Thursday, April 24, 2014

A Migration Crossroads in Southwest Florida Starring Summer Tanager, Scissor-tailed Flycatcher, and Kentucky Warbler

[Sanibel Lighthouse and Corkscrew Swamp, Sanibel, FL. April 2014]

Around the first week of April, migration momentum is starting to build in Southwest Florida. And, Sanibel Island is a great landing point (or launch pad) for arriving migrants (or departing ones). In late April, the South-bound migrants such as Scissor-tailed Flycatcher and Western Kingbird will have left; so early April is the better time to observe both arriving and departing species at this crossroads of migration that is the Sanibel Lighthouse. The other migration hotspot included here is Corkscrew Swamp which sometimes offers a different mix of species than the lighthouse.

The full list of observed species is as follows:

Tanagers, Grosbeaks and Buntings:
  • Summer Tanager
  • Indigo Bunting
  • Blue Grosbeak
  • Rose-breasted Grosbeak 
Warblers:
  • Palm Warbler
  • Hooded Warbler
  • Kentucky Warbler
  • Cape May Warbler 
  • Tennessee Warbler
  • Northern Parula
  • Northern Waterthrush
  • Black-and-white Warbler
 Tyrant Flycatchers:
  • Scissor-tailed Flycatcher
  • Western Kingbird
  • Eastern Kingbird
  • Grey Kingbird
  • Great Crested Flycatcher
Vireos
  • Yellow-throated Vireo
  • Red-eyed Vireo
  • Blue-headed Vireo 
Raptors
  • Swallow-tailed Kite
We start with the Summer Tanager:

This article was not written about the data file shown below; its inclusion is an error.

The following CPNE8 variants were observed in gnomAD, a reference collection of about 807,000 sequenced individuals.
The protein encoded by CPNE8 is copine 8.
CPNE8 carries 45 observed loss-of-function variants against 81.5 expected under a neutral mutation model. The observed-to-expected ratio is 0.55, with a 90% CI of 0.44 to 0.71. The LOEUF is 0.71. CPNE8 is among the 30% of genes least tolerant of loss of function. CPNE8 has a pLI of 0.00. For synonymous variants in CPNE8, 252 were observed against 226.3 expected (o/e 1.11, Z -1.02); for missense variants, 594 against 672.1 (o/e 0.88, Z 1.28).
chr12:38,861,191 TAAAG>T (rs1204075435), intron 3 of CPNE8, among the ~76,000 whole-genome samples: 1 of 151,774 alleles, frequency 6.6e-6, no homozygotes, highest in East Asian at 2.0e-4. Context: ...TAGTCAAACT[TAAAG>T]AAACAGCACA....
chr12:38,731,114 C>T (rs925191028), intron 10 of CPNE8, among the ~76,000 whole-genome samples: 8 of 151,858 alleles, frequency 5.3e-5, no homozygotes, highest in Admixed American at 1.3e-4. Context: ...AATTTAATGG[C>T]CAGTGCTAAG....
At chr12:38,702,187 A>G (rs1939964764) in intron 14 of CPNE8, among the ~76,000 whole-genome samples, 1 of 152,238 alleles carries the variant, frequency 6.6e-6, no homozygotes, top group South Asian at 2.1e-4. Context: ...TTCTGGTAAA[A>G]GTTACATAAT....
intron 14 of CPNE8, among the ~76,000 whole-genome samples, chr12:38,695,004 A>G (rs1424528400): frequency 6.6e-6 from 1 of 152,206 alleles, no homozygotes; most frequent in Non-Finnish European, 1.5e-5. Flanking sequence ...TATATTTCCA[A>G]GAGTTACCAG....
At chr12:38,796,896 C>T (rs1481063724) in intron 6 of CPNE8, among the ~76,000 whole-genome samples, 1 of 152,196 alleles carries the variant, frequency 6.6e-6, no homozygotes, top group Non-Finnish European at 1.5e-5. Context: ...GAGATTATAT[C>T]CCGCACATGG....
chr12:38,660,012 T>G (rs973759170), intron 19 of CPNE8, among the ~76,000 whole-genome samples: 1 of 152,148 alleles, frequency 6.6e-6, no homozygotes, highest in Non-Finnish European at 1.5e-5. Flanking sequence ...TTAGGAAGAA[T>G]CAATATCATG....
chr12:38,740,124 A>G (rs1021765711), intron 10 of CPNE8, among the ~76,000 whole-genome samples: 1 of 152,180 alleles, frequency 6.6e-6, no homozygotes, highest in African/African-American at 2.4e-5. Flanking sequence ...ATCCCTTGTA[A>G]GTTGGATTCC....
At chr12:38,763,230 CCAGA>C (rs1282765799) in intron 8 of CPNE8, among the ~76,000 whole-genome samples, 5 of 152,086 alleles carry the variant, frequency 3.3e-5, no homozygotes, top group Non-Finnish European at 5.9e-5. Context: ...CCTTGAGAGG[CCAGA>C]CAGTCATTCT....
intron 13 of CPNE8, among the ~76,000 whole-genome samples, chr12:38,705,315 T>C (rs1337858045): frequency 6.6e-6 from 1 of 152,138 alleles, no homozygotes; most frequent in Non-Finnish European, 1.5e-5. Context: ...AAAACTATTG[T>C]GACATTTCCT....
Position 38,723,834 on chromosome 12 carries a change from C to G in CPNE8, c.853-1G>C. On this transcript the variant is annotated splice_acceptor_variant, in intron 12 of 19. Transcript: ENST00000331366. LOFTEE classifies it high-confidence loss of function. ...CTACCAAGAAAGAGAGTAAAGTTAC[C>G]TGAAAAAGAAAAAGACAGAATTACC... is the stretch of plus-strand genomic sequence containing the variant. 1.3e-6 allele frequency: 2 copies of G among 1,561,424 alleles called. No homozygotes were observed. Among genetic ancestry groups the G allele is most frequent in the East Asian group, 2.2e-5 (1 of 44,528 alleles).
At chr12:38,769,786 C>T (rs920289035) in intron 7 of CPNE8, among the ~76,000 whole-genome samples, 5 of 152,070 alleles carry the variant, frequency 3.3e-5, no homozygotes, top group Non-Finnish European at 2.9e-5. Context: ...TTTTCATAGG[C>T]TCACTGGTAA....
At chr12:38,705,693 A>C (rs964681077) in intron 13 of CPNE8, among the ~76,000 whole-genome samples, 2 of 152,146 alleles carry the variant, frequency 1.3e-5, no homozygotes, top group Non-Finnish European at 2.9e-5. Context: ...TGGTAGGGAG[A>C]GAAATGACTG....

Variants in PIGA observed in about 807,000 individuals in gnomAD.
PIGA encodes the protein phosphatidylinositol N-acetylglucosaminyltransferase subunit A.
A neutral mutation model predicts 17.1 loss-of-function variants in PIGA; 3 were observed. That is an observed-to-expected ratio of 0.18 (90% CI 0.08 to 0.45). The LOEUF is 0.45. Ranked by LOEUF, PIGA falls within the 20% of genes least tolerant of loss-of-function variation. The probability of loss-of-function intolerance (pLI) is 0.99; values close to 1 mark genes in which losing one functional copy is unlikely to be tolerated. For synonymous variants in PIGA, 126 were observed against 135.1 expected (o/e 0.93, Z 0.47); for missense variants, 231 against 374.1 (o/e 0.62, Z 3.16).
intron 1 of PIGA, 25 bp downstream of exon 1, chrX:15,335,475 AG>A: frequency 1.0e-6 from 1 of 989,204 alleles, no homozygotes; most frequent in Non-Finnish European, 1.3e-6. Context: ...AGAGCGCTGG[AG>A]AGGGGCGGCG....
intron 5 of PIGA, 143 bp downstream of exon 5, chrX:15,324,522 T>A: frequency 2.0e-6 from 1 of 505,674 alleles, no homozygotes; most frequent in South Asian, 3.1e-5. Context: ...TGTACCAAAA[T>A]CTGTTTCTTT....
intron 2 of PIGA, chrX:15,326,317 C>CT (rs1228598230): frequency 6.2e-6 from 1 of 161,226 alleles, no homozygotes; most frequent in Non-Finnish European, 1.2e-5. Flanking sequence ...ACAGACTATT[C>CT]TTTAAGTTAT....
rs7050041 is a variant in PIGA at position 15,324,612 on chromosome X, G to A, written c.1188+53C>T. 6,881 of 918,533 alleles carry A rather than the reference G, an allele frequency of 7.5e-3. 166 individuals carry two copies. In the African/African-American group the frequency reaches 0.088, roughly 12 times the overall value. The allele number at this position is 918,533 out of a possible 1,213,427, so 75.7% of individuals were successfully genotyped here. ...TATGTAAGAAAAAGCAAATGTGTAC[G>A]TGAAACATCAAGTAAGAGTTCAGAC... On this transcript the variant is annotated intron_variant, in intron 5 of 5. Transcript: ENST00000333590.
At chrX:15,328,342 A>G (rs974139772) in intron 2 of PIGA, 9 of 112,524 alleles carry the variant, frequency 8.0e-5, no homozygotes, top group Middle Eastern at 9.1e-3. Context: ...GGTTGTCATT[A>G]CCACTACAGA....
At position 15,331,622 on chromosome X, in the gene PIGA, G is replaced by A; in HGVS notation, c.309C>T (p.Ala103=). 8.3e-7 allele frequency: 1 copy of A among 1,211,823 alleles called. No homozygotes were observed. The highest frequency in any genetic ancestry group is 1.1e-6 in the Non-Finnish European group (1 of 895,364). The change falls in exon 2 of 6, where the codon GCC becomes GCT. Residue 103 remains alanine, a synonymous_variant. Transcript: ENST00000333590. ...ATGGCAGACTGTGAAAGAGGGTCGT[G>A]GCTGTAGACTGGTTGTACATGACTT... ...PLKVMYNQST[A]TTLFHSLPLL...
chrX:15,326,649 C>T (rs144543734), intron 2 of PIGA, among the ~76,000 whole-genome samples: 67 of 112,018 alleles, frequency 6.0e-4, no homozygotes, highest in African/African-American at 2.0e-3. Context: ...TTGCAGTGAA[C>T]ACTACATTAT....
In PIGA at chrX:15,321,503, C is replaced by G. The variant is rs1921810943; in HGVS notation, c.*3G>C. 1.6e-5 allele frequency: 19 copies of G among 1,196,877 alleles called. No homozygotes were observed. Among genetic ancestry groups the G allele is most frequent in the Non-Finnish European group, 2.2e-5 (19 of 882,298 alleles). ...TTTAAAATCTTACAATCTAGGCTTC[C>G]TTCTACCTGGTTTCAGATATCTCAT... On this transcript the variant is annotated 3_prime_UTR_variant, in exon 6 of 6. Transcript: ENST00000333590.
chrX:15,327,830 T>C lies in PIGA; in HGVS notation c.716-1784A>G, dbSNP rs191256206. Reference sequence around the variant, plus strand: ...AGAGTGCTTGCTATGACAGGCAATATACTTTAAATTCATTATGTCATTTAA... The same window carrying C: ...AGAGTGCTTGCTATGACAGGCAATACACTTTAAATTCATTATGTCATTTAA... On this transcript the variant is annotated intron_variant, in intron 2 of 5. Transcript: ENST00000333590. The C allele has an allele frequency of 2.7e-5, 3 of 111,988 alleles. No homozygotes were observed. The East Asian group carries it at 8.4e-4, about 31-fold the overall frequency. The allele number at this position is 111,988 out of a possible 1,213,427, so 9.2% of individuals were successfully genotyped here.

Summer Tanager observed at the "Picnic Area" of the Lighthouse

Summer Tanager is hailed as our only "completely red" bird -- it is redder than a Northern Cardinal with none of its black markings. Speaking of cardinals, the Summer Tanager has been reclassified from the Tanager family to the Cardinals. Seen above gorging on fruit, Summer Tanagers are also insect eaters (especially bees).





Indigo Bunting seen at Sanibel Lighthouse

Another member of the Cardinal family, Indigo Bunting is a small, brilliant blue, seed-eating bird (eating insects in the summer). They are night migrants and navigate by the stars.



Blue Grosbeak seen at the Sanibel Lighthouse

Larger and a darker blue than the Indigo, the Blue Grosbeak, with distinctive chestnut wingbars, is an unmistakable bird of shrub habitat. It is expanding its range Northward as forests are cleared; they can be seen as far North as Ohio.

Rose-breasted Grosbeak seen at Corkscrew Swamp

The spectacular Rose-breasted Grosbeak ranges farther North than the Blue and prefers woodland habitat; it is classified as "Least Concern" and is renowned for the sweetness of its song.

Now the warblers:





Hooded Warbler

The Hooded Warbler has a preference for the understory; and, sure enough, this individual was found foraging amidst the shrub. This Eastern warbler is always a crowd pleaser given its distinctive looks.




Kentucky Warbler seen at Sanibel Lighthouse

The Kentucky Warbler ranges in the Southeastern US; famed for its skulking habits, it is largely terrestrial in its habits. Any sighting of this warbler comes at a high cost to the birder -- exacting frustration and patience as it hides and feeds in dense thickets offering rare and obscured glimpses.